I found myself in a position yesterday where my opinion was being challenged and I was unable to adequately defend it. That kind of left me reeling. I still felt I was “right” but I was on shaky ground. I felt frustrated that someone was telling me I was wrong and I had no response. I felt like I was being pushed somewhere I didn’t want to go. So this morning I went searching for an Eckhart teaching on opinions and came across the following passage on his website. It helped put things in perspective.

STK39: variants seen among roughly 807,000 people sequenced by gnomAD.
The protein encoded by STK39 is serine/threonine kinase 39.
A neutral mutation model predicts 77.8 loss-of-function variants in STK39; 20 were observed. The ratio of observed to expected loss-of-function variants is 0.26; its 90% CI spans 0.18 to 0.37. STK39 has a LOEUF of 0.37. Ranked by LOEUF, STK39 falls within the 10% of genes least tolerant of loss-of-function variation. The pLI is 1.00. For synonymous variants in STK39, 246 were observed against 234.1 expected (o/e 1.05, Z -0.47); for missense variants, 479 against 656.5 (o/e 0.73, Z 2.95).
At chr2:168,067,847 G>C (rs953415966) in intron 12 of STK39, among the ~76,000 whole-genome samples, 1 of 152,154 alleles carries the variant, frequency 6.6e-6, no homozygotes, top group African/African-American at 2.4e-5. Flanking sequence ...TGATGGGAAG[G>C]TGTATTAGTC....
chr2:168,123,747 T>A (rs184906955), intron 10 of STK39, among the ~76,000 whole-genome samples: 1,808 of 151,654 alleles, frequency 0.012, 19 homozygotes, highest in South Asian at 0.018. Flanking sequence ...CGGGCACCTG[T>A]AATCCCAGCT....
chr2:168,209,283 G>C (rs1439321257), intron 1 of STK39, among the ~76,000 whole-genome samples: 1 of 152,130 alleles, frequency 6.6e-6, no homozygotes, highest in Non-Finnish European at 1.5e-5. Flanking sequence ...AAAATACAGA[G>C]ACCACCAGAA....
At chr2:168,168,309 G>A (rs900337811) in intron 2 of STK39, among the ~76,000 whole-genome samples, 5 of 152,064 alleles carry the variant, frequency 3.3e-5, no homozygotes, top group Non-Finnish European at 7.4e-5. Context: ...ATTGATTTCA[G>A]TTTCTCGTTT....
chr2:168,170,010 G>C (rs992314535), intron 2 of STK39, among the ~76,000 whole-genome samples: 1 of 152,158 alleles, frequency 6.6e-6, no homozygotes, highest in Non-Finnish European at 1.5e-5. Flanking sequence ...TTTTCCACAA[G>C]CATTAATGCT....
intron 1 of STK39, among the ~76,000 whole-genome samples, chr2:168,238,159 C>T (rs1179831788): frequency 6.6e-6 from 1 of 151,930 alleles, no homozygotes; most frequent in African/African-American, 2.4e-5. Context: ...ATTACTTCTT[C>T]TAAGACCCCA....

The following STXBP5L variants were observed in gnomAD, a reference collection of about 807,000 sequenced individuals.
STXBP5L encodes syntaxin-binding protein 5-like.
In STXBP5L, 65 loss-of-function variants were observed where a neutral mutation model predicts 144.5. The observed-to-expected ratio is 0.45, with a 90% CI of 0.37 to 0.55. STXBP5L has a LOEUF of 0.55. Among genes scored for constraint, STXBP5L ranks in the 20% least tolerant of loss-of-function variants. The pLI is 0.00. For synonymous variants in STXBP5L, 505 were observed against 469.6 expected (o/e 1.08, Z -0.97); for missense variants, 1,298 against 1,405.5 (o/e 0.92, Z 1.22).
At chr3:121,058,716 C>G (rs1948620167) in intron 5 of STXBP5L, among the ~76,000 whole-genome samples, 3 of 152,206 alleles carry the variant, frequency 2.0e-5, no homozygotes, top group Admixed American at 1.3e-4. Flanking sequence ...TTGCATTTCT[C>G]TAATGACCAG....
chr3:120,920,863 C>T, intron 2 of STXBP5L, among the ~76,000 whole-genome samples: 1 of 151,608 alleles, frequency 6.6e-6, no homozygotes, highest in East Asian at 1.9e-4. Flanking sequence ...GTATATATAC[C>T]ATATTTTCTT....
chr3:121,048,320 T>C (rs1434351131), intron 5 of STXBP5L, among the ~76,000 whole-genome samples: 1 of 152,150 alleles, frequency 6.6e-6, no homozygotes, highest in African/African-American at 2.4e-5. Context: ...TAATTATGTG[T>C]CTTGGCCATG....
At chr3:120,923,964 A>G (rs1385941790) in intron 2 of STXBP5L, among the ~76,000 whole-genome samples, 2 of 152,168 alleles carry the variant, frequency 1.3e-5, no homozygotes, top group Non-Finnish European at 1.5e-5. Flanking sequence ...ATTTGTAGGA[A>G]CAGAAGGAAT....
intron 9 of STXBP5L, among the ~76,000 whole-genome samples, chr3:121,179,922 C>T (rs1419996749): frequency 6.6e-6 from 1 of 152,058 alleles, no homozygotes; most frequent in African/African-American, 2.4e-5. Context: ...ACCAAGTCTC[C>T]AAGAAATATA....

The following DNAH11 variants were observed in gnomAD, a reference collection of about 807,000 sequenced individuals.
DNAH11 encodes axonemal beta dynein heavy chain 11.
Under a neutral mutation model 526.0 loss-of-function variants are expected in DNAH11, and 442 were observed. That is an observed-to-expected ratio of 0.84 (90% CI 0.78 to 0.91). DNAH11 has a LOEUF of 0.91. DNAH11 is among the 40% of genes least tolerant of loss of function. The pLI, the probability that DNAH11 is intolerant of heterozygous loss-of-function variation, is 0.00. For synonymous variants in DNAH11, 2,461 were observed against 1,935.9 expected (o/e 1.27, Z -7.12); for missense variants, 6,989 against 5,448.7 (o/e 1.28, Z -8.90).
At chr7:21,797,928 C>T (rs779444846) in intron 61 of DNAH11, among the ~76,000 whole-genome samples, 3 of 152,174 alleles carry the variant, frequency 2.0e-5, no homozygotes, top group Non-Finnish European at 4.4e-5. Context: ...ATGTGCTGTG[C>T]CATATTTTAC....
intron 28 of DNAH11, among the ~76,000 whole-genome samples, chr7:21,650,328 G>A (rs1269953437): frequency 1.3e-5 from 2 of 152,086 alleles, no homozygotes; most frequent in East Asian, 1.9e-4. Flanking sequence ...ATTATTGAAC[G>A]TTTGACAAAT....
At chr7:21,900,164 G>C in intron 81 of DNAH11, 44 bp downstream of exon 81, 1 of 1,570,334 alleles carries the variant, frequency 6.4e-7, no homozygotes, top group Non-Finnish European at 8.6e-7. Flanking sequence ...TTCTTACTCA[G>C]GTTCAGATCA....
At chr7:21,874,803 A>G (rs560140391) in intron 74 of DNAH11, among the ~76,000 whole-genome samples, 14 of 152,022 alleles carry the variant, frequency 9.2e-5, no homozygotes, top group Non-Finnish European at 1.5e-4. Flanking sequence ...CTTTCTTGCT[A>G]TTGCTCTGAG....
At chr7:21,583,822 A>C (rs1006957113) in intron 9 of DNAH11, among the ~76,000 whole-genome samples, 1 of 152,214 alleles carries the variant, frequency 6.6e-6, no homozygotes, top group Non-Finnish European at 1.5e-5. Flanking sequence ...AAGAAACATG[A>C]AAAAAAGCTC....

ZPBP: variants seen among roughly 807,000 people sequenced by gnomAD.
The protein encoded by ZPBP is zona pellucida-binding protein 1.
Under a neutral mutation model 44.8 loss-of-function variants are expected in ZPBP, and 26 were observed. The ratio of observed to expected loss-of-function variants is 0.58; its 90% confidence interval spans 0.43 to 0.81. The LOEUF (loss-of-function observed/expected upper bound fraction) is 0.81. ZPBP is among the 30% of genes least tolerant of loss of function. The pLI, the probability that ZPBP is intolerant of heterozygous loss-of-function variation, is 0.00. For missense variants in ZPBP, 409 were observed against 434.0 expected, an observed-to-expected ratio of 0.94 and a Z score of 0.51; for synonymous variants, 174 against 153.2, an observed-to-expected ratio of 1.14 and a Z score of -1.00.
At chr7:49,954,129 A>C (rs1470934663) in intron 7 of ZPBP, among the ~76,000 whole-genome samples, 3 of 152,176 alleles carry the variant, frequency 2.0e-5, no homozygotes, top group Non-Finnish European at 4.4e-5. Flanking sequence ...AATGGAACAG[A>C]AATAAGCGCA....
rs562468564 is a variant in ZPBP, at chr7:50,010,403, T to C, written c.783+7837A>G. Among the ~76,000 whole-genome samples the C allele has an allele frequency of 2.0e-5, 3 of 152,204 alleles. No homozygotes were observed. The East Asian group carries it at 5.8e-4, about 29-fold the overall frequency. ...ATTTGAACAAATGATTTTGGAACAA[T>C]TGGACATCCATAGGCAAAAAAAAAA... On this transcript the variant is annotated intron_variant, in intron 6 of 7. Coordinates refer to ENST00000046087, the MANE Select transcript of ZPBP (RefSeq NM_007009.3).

Your first responsibility is not to identify with a position. Everybody has to practice that one way or another. It’s a beautiful practice. It’s expressed in Zen. I don’t remember who said it, some Zen master said, “Don’t seek for the truth – just cease cherishing opinions”. And that’s enough. Many spiritually inclined people look for the ‘truth’ – hopefully at some point within, but first it starts outside. But don’t look for the truth, not even within, just stop cherishing opinions. Cherishing, not having. It doesn’t say stop having opinions, because that would be difficult – maybe a very advanced practice. Even I have some opinions, about Fox News, and so on – but cherishing means to identify with the opinion, to be in the thought. And then it gives you your sense of “I”. Then anybody who has a different or conflicting position becomes a kind of enemy. Then you’re trapped in form. This is a very common human condition. Most humans on the planet derive their identity from their thoughts. So the thought is invested with self. Maybe this is another way of speaking about the essential truth of the Buddha, who discovered that this sense of ‘self’ is an illusion. You derive your sense of self from form – because every thought is a thought-form. It’s an energy field.